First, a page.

“Doomsayer” is probably not on Al Gore’s resume but it’s as descriptive as “almost president.” It perfectly describes the attention he has attracted in the decade since he took to the stage at the Sundance Film Festival and set off global warming fears with his agitprop film, “An Inconvenient Truth.”
“Humans may have only 10 years left to save the planet from turning into a total frying pan,” one terrified reviewer, who is presumably still unfried, put it. Humankind has blown past the point of no return that he said would render the damage from man-made greenhouse gases irreversible. Yet the world continues to turn, not burn. Atmospheric anxiety has subsided, despite all that Hillary and Bernie can do to keep it alive, and Americans have moved on to more immediate issues, such as who’s likely to win the Super Bowl on Sunday.
The people just aren’t that into Al and his scam. A YouGov poll of 18,000 men and women finds that only 9.2 percent of Americans rate climate change, the latest euphemism for global warming, as the most serious issue facing the world. Instead, 28 percent of Americans rank radical Islamic terrorism as the greatest worldwide concern. The only country with a wider yawn of skepticism is Saudi Arabia, where the oil economy produces jobs and wealth.
The poll confirms that Americans are of like mind with the rest of the world, 25 percent of whom put terrorism at the top of their list of worries. Climate change comes in third at nearly 13 percent, behind poverty, hunger and thirst at 15 percent. If there’s a lesson here, it’s that a doomsayer’s work is never done.
There is a truth that many Americans, including Mr. Gore, may find more inconvenient than global warming: Implementation of the Paris United Nations climate change agreement that President Obama endorsed in December which likely will cost a lot more than the expected $12.1 trillion over the next 25 years. That’s a finding by Bloomberg New Energy Finance and Ceres, a coalition of investors and environmentalists. Beyond the $100 billion that wealthy nations are expected to chip in annually to pay for clean energy projects in developing countries, annual investments of $484 billion are needed to build the solar, wind and green fuel infrastructure that the global-warming lobby says is necessary to limit the rise of the Earth’s temperature to 2 degrees Celsius by 2100. That’s 75 percent more than current annual global expenditure of $276 billion.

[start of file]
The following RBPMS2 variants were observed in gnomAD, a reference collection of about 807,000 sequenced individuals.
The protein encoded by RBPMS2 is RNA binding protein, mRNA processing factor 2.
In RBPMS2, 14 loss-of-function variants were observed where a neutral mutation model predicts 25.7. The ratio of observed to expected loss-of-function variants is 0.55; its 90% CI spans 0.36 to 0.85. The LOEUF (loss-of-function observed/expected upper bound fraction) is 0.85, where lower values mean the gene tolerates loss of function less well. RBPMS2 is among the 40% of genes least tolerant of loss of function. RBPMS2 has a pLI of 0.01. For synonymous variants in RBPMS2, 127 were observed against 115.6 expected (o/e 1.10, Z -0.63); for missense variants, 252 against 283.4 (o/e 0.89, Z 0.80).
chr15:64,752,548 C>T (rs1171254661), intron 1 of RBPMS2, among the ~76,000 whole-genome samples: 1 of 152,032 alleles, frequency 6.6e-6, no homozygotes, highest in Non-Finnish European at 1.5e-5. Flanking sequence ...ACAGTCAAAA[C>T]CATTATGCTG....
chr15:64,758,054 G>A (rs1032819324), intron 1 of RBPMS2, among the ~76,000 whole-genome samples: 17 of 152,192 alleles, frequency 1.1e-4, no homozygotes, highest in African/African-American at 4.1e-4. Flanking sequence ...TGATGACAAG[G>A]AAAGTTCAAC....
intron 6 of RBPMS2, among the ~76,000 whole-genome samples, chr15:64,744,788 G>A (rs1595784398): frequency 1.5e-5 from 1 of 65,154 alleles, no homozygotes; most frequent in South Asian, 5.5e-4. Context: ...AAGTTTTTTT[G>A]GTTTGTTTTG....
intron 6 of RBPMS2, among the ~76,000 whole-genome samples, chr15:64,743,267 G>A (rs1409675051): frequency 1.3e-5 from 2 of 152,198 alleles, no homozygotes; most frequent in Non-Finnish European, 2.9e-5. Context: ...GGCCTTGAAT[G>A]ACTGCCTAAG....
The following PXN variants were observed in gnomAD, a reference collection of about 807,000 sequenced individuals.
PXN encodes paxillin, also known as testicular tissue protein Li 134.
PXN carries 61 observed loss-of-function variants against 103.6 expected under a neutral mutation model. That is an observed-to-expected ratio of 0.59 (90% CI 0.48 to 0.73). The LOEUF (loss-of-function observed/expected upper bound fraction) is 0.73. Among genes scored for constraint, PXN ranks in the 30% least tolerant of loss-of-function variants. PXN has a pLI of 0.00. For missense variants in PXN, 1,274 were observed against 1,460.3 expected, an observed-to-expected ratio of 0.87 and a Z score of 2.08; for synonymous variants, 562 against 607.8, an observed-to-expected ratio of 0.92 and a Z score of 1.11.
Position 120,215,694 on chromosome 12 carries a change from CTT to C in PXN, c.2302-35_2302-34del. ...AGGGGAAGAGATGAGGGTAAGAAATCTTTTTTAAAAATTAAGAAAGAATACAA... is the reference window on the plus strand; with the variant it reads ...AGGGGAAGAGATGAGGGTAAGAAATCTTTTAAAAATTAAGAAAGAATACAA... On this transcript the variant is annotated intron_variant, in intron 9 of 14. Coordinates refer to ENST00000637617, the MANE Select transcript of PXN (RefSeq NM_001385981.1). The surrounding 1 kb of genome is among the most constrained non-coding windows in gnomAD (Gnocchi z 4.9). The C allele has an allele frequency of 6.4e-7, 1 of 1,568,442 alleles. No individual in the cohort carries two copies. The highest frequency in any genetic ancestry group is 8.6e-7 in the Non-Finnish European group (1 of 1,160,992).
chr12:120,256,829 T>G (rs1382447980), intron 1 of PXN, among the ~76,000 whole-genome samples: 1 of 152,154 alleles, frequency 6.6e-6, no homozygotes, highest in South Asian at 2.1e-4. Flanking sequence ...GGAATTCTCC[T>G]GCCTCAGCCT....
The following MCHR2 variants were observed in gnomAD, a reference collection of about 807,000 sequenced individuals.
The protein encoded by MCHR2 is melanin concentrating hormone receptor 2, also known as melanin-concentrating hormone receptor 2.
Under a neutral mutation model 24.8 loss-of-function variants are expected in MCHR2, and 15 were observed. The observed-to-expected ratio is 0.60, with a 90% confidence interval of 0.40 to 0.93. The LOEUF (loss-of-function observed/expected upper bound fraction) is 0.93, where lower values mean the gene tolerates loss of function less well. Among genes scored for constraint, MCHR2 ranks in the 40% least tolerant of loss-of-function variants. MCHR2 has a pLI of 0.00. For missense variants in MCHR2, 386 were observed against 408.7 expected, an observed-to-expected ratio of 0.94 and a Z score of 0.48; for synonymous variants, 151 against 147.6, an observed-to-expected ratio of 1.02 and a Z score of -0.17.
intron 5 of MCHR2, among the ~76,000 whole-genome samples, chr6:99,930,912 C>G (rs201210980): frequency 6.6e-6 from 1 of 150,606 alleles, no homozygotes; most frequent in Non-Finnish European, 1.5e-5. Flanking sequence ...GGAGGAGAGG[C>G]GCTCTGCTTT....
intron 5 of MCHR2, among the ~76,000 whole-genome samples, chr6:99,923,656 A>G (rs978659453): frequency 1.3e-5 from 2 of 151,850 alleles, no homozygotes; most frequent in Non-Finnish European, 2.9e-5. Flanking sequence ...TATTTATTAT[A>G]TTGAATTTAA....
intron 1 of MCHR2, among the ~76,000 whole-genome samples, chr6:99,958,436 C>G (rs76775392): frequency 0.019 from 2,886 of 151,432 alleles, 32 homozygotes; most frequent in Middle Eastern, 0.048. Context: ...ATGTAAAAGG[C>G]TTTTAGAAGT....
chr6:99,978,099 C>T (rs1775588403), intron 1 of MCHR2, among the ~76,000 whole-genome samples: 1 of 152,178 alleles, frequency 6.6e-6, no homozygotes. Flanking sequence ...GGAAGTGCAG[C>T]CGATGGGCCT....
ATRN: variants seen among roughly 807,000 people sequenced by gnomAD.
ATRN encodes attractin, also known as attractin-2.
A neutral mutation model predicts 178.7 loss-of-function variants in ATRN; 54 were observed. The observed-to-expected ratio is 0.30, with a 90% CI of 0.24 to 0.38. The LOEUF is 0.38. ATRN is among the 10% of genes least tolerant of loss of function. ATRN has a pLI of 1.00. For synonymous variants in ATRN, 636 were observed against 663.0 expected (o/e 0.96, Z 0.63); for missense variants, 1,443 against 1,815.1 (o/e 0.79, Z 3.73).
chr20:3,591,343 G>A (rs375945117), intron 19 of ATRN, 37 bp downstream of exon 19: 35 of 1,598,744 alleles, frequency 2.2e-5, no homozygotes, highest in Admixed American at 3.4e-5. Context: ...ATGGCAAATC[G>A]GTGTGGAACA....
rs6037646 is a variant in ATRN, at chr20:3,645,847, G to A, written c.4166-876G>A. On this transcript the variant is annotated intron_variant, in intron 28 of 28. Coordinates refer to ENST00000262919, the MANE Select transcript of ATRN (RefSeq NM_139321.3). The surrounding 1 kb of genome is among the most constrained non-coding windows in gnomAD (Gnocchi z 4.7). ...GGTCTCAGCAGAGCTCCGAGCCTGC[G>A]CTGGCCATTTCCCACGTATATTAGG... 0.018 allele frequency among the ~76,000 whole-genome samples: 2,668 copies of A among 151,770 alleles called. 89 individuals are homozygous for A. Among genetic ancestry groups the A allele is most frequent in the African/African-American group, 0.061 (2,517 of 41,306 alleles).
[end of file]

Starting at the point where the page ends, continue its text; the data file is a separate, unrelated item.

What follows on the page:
Since global warming is not a hot-button issue on Main Street, private investment money won’t go to renewable energy projects unless governments guarantee profitability of otherwise unprofitable ventures. With congressional collaboration, President Obama engineered tax credit extensions for wind and solar industries with the passage of the Omnibus spending bill in December. “Why would we want to pass up the chance for American businesses to produce and sell the energy of the future?” he asked.
Subsidizing “the energy of the future” means that it can’t compete with the energy of now. Since everything the government spends comes from the pockets of taxpayers, the president wants to pay for global-warming initiatives with money collected from Americans who don’t share his obsession with the profits of doom.